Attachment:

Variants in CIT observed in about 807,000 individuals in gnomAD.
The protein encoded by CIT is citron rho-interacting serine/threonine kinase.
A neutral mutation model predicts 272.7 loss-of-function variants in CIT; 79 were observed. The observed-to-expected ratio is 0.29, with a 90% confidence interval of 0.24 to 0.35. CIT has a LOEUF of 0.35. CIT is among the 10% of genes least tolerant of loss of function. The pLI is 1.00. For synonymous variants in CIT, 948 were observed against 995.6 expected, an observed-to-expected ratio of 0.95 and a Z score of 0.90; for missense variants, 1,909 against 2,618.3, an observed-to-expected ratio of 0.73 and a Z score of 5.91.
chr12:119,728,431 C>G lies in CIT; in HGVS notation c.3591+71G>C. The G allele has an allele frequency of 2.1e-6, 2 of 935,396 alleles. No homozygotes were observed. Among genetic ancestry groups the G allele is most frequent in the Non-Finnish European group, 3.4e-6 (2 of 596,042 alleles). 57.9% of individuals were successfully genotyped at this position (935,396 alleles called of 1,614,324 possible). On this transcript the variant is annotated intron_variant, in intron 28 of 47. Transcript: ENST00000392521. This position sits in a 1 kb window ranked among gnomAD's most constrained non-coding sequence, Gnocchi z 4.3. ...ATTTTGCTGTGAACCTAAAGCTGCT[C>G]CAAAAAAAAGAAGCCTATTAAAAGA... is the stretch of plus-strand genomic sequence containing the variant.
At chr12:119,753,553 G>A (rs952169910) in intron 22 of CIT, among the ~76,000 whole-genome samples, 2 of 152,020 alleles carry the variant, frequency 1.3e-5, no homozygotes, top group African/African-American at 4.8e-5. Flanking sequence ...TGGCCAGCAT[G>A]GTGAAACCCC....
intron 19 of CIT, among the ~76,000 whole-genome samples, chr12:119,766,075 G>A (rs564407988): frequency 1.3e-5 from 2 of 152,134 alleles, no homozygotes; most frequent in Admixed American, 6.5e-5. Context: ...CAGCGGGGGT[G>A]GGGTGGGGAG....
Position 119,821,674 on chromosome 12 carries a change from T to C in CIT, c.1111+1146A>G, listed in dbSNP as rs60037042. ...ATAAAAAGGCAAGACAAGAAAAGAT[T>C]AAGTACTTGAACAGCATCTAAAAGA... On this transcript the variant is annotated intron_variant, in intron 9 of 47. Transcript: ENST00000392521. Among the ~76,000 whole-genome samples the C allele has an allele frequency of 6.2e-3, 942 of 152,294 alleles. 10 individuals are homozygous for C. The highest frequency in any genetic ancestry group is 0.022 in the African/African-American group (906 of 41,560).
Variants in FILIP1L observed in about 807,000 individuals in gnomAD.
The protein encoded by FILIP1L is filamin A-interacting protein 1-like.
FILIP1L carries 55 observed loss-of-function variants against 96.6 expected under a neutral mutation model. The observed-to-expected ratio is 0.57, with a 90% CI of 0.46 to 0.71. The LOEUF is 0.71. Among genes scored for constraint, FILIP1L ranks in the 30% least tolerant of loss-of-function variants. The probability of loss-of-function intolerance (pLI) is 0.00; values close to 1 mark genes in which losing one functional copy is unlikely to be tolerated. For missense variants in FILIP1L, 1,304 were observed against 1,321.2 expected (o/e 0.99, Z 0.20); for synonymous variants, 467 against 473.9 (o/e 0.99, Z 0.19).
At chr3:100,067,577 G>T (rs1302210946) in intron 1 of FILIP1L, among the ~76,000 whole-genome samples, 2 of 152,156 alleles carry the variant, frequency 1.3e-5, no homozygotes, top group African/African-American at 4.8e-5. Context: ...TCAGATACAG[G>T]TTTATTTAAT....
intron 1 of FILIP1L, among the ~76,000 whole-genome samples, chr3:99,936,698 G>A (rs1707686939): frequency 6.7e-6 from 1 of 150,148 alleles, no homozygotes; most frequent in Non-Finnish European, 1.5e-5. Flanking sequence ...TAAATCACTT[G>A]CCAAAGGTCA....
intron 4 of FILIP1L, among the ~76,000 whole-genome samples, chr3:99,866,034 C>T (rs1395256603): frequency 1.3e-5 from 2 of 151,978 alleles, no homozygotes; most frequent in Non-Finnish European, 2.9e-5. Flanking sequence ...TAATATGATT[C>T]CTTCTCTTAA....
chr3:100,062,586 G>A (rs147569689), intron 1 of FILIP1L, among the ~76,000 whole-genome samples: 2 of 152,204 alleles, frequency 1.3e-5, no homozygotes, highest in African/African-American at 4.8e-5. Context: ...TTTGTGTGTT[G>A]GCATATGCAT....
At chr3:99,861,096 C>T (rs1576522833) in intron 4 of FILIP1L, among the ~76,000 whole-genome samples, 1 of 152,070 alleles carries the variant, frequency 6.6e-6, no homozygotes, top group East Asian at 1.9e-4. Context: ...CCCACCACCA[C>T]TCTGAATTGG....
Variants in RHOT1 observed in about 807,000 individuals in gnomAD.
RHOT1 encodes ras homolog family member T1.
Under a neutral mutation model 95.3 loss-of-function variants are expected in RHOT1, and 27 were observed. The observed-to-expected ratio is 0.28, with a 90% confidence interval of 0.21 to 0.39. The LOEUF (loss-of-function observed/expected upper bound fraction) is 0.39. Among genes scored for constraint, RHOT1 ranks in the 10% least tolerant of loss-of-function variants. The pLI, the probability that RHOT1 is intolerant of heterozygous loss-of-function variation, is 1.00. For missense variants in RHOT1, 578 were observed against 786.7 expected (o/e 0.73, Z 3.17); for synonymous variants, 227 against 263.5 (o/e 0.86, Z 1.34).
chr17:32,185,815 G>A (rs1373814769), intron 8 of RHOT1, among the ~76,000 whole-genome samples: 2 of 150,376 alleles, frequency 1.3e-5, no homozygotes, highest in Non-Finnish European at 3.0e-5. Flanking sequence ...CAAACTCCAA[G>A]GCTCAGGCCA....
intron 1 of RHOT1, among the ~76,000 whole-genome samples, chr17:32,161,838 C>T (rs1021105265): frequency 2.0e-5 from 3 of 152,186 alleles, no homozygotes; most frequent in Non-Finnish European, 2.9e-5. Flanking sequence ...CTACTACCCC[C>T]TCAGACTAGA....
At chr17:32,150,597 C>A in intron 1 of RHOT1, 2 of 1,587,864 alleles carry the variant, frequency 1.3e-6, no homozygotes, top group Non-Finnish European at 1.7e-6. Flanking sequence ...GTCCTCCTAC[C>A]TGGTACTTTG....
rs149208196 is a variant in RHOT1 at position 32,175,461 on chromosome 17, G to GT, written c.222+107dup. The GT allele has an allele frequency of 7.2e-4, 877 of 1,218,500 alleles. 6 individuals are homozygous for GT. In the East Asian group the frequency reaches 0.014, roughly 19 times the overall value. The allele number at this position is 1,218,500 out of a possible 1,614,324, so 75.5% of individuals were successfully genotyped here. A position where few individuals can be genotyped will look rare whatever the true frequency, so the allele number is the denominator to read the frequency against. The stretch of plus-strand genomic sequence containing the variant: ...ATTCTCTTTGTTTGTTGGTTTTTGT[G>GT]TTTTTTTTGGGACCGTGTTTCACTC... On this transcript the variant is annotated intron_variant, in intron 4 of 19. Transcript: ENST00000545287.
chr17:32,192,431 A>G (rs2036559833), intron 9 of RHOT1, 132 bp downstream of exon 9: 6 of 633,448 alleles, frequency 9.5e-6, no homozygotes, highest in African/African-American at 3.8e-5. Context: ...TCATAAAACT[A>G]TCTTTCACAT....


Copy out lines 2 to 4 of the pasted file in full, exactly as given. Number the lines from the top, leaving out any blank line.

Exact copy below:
The protein encoded by CIT is citron rho-interacting serine/threonine kinase.
A neutral mutation model predicts 272.7 loss-of-function variants in CIT; 79 were observed. The observed-to-expected ratio is 0.29, with a 90% confidence interval of 0.24 to 0.35. CIT has a LOEUF of 0.35. CIT is among the 10% of genes least tolerant of loss of function. The pLI is 1.00. For synonymous variants in CIT, 948 were observed against 995.6 expected, an observed-to-expected ratio of 0.95 and a Z score of 0.90; for missense variants, 1,909 against 2,618.3, an observed-to-expected ratio of 0.73 and a Z score of 5.91.
chr12:119,728,431 C>G lies in CIT; in HGVS notation c.3591+71G>C. The G allele has an allele frequency of 2.1e-6, 2 of 935,396 alleles. No homozygotes were observed. Among genetic ancestry groups the G allele is most frequent in the Non-Finnish European group, 3.4e-6 (2 of 596,042 alleles). 57.9% of individuals were successfully genotyped at this position (935,396 alleles called of 1,614,324 possible). On this transcript the variant is annotated intron_variant, in intron 28 of 47. Transcript: ENST00000392521. This position sits in a 1 kb window ranked among gnomAD's most constrained non-coding sequence, Gnocchi z 4.3. ...ATTTTGCTGTGAACCTAAAGCTGCT[C>G]CAAAAAAAAGAAGCCTATTAAAAGA... is the stretch of plus-strand genomic sequence containing the variant.